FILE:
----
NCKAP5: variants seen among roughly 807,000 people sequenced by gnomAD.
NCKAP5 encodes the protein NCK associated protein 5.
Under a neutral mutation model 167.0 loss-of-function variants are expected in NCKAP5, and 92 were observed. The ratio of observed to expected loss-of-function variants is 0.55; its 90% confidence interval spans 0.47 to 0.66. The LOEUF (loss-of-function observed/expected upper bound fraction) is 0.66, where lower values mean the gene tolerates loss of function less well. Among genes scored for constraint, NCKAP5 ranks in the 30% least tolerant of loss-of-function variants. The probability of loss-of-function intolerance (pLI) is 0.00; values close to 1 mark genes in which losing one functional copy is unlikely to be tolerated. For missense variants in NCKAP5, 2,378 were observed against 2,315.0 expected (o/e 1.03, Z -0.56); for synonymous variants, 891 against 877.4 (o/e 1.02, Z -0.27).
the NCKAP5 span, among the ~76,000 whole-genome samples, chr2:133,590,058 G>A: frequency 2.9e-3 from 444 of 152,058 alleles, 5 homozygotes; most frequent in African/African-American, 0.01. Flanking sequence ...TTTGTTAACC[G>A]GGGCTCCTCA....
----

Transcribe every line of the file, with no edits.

NCKAP5: variants seen among roughly 807,000 people sequenced by gnomAD.
NCKAP5 encodes the protein NCK associated protein 5.
Under a neutral mutation model 167.0 loss-of-function variants are expected in NCKAP5, and 92 were observed. The ratio of observed to expected loss-of-function variants is 0.55; its 90% confidence interval spans 0.47 to 0.66. The LOEUF (loss-of-function observed/expected upper bound fraction) is 0.66, where lower values mean the gene tolerates loss of function less well. Among genes scored for constraint, NCKAP5 ranks in the 30% least tolerant of loss-of-function variants. The probability of loss-of-function intolerance (pLI) is 0.00; values close to 1 mark genes in which losing one functional copy is unlikely to be tolerated. For missense variants in NCKAP5, 2,378 were observed against 2,315.0 expected (o/e 1.03, Z -0.56); for synonymous variants, 891 against 877.4 (o/e 1.02, Z -0.27).
the NCKAP5 span, among the ~76,000 whole-genome samples, chr2:133,590,058 G>A: frequency 2.9e-3 from 444 of 152,058 alleles, 5 homozygotes; most frequent in African/African-American, 0.01. Flanking sequence ...TTTGTTAACC[G>A]GGGCTCCTCA....